How to befriend complete strangers 20 August 2014

The past two days have taken me completely out of my comfort zone – but to be honest since I handed in my notice I have been out of my comfort zone (Original blog said since middle of July), so my zone of comfort must be expanding.

Where to start… well Eleanor got the school bus yesterday to and from school and has settled in well. She likes her teachers and so far so good. Yesterday on collecting her fom the bus drop off, she wanted to be independent and not have me collect her at all, preferring instead to walk with a new friend into the compound, leaving me about 10 steps behind her. To give her the freedom she wants I let her take out the rubbish, which she seems pleased and happy to do. This involves getting the lift down and up and walking through the building foyer. She has had more homework of taking in photos of family and as everything is on cameras or phones, my task for tomorrow is going to Kodak to print them out.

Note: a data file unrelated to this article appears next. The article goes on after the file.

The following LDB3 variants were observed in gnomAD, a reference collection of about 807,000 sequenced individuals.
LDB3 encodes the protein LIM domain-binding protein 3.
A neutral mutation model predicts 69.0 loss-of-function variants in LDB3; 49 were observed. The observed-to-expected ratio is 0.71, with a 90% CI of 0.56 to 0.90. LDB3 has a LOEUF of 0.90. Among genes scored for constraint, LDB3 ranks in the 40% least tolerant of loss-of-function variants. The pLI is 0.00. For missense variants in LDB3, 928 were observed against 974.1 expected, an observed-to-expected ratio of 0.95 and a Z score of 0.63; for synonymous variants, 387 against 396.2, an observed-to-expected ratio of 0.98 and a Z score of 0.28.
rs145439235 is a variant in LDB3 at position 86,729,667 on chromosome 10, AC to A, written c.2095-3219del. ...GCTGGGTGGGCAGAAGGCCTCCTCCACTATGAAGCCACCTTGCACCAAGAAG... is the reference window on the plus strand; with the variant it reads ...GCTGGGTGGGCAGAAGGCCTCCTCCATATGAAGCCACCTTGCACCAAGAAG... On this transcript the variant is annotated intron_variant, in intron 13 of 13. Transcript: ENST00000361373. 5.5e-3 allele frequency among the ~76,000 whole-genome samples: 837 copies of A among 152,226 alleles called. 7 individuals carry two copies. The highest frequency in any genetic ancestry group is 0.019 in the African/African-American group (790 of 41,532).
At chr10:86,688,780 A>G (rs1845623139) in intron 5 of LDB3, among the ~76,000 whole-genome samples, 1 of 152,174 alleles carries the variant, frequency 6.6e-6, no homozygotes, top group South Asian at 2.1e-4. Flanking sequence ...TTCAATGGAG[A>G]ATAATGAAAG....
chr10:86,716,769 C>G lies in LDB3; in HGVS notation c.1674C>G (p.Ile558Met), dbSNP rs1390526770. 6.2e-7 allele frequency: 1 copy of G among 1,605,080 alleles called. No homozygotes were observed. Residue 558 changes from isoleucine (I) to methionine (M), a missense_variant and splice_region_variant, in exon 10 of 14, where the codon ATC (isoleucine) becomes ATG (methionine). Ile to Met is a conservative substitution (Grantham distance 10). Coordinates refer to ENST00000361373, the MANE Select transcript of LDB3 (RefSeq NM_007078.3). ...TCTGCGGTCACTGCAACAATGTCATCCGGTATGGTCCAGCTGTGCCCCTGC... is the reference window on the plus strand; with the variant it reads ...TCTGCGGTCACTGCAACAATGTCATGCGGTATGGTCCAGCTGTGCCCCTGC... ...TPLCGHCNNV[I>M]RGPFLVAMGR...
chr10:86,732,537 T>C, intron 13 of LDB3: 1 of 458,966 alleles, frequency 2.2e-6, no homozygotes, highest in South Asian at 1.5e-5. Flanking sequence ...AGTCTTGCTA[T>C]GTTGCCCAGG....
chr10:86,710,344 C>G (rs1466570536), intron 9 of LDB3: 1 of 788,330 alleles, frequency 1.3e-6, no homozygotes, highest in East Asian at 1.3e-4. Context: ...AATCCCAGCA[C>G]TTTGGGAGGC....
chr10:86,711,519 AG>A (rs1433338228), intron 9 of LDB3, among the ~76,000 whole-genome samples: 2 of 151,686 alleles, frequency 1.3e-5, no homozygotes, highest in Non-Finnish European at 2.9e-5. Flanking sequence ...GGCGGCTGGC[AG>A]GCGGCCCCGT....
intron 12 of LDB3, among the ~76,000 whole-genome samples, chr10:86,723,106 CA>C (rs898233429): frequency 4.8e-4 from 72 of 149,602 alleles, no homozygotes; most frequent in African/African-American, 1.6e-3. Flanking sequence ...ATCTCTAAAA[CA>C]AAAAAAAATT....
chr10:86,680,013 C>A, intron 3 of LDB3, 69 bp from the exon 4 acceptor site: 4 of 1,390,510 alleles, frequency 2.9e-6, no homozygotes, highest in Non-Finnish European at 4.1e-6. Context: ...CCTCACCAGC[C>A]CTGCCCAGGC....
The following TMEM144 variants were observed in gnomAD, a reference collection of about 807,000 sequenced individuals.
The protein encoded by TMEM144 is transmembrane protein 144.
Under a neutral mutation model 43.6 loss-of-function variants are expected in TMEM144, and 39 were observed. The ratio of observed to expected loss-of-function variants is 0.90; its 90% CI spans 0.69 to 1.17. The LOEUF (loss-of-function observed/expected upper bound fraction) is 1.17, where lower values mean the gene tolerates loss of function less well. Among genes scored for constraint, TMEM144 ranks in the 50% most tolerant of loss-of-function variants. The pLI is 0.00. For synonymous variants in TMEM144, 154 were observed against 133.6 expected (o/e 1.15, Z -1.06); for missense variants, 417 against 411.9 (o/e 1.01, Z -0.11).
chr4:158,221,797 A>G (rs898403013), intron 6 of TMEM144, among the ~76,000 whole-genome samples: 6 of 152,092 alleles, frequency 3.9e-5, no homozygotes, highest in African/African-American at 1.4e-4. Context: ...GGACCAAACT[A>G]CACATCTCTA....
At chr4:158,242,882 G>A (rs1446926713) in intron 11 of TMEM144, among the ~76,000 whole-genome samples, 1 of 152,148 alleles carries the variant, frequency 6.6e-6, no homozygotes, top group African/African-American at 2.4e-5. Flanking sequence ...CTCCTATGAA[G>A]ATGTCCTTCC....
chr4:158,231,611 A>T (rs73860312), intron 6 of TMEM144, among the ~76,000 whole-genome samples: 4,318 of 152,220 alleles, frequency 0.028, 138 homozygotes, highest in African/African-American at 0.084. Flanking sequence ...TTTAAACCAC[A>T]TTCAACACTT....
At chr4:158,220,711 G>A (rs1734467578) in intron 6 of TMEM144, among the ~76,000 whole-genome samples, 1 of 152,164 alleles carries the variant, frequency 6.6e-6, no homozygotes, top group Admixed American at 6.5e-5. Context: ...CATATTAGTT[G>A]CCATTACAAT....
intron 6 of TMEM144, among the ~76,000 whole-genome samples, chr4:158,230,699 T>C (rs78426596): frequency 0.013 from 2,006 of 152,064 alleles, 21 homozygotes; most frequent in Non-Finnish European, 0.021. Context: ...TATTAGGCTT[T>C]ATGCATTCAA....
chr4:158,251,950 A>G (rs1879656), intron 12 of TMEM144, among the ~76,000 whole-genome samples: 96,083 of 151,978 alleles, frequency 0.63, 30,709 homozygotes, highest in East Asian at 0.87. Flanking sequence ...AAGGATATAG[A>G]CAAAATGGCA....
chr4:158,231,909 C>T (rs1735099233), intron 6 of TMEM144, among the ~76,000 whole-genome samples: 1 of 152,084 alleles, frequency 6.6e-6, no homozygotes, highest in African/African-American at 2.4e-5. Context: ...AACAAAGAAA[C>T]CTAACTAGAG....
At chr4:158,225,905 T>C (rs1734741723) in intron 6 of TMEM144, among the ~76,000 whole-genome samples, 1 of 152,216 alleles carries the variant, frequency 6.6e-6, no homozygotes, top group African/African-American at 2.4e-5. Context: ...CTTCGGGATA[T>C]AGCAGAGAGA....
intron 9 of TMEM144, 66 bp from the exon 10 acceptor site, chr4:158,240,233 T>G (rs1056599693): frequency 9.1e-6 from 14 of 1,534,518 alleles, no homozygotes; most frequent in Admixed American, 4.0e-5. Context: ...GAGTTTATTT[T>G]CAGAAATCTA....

Back to yesterday… I went to the market in Hudong in the morning and bought vegetables, including purple peas, then as I was heading back to the compound (in the rain) I saw from a distance a girl from behind with gingerish/blonde hair, and whiteish arms…aha I though a westerner. Disappointment happened as I managed to pass her when crossing the road. She was Chinese with dyed hair. As I approached the gate of the compound , the guard opened the gate and spoke to me in Chinese. I looked blankly, fighting the desire to say “’Je ne comprends pas” which is now apparently my default language. He repeats it, and I continue to look blank and shrug my shoulders. Then I hear a voice saying “ he wants to know where you are from”… I turn around and there is my western looking Chinese girl.  A 3 way conversation ensues and then I remember I can ask her all sorts of questions about the compound including how I get post delivered and where the nearest post office is. She then says that she could take me to the post office. I can’t go there and then because I have water coming so we agree to meet at the gate at 1.30pm. I hastily wrote a letter, but I have no envelopes. I meet Bella anyway at 1.30pm and go off with a complete stranger to an unknown destination.  Hmmm what do I tell Eleanor – don’t talk to strangers and don’t go off with one. Ah well sometimes you have to.